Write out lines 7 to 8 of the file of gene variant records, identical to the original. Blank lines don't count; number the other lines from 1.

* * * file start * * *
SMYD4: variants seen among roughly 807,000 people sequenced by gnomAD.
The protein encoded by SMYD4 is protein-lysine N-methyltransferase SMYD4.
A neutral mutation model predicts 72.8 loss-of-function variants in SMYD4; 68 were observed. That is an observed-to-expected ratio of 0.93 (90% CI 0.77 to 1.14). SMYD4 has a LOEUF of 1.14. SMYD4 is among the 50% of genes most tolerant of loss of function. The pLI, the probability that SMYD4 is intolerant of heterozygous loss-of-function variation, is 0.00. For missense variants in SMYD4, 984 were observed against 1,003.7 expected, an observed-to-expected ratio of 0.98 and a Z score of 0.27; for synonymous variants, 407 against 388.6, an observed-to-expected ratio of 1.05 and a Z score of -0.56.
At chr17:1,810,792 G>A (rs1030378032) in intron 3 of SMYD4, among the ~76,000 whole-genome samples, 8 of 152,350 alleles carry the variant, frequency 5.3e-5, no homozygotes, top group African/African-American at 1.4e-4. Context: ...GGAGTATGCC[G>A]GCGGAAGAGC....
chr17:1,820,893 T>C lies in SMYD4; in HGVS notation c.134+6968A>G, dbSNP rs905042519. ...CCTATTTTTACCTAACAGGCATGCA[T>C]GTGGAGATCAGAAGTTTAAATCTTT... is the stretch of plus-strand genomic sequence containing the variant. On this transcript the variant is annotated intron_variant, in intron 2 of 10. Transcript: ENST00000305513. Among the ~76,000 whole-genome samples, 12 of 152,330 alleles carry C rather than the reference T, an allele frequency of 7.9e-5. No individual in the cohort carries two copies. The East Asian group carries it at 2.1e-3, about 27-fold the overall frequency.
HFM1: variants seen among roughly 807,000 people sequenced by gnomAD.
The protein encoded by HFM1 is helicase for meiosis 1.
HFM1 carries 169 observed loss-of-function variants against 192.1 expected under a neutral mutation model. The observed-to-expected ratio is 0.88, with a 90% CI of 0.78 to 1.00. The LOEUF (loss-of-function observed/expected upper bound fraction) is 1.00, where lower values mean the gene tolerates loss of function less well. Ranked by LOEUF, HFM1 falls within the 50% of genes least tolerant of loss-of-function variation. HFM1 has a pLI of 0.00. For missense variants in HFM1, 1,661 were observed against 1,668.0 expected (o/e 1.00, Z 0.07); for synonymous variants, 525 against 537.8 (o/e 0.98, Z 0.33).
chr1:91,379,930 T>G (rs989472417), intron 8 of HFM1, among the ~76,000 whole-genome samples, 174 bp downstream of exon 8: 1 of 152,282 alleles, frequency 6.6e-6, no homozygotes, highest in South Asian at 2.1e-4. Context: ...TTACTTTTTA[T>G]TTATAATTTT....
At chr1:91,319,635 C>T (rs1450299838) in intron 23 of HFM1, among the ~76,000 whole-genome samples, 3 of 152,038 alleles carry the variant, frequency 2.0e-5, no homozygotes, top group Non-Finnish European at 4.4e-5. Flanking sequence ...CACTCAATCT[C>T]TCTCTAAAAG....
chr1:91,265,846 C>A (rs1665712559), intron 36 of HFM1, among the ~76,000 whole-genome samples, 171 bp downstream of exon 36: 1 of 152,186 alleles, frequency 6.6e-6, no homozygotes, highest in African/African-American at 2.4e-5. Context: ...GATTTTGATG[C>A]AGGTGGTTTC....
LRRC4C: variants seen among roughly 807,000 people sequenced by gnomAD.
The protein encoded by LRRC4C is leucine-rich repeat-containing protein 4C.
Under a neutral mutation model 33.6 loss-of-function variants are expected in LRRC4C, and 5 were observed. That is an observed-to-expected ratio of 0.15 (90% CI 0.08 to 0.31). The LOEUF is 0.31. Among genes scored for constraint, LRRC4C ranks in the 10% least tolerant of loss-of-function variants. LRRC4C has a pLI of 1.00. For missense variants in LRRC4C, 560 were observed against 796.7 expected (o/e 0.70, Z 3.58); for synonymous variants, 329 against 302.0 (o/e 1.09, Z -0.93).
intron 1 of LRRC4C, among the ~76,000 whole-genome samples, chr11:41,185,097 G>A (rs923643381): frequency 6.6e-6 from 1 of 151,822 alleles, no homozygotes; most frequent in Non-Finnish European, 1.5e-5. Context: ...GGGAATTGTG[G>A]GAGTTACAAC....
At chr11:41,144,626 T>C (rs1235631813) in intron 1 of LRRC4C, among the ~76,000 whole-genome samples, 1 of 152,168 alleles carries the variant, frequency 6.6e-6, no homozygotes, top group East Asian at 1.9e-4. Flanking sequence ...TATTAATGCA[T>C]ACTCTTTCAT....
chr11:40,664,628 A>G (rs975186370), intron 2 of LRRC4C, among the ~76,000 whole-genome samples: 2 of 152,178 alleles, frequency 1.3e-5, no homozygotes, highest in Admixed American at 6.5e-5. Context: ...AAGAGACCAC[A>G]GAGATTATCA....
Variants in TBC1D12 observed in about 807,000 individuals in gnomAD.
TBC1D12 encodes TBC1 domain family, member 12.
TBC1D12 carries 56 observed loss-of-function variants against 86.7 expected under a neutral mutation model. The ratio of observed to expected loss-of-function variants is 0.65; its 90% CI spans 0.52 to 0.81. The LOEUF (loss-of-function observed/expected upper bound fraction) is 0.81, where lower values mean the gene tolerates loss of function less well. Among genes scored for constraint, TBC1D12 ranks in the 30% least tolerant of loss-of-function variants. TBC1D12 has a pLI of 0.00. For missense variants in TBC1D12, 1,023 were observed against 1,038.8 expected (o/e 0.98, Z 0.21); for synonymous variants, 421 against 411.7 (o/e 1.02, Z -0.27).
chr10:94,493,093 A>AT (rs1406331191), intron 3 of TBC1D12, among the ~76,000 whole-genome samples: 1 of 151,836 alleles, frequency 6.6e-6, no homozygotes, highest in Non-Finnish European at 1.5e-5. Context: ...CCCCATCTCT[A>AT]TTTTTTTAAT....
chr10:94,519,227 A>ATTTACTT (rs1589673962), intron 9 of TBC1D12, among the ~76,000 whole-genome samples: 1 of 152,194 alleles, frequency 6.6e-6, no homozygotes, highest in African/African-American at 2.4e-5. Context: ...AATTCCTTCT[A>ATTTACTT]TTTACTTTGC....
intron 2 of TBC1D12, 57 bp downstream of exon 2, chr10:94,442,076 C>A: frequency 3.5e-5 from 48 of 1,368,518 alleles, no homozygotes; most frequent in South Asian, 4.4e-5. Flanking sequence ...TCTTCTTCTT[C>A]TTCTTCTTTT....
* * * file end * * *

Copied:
The protein encoded by HFM1 is helicase for meiosis 1.
HFM1 carries 169 observed loss-of-function variants against 192.1 expected under a neutral mutation model. The observed-to-expected ratio is 0.88, with a 90% CI of 0.78 to 1.00. The LOEUF (loss-of-function observed/expected upper bound fraction) is 1.00, where lower values mean the gene tolerates loss of function less well. Ranked by LOEUF, HFM1 falls within the 50% of genes least tolerant of loss-of-function variation. HFM1 has a pLI of 0.00. For missense variants in HFM1, 1,661 were observed against 1,668.0 expected (o/e 1.00, Z 0.07); for synonymous variants, 525 against 537.8 (o/e 0.98, Z 0.33).